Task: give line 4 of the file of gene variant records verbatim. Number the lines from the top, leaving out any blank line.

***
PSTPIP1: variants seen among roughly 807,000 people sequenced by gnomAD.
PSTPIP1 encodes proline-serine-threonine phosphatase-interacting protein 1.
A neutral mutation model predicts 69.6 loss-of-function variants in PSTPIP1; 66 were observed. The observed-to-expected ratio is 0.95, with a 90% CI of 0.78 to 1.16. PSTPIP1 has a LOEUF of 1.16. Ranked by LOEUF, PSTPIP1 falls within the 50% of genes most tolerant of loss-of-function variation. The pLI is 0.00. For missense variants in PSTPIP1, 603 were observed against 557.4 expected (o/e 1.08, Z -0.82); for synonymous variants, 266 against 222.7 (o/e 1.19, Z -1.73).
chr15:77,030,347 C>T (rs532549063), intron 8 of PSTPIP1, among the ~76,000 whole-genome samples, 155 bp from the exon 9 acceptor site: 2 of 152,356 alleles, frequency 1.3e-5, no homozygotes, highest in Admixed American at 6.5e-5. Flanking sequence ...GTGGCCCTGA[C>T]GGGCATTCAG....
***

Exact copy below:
chr15:77,030,347 C>T (rs532549063), intron 8 of PSTPIP1, among the ~76,000 whole-genome samples, 155 bp from the exon 9 acceptor site: 2 of 152,356 alleles, frequency 1.3e-5, no homozygotes, highest in Admixed American at 6.5e-5. Flanking sequence ...GTGGCCCTGA[C>T]GGGCATTCAG....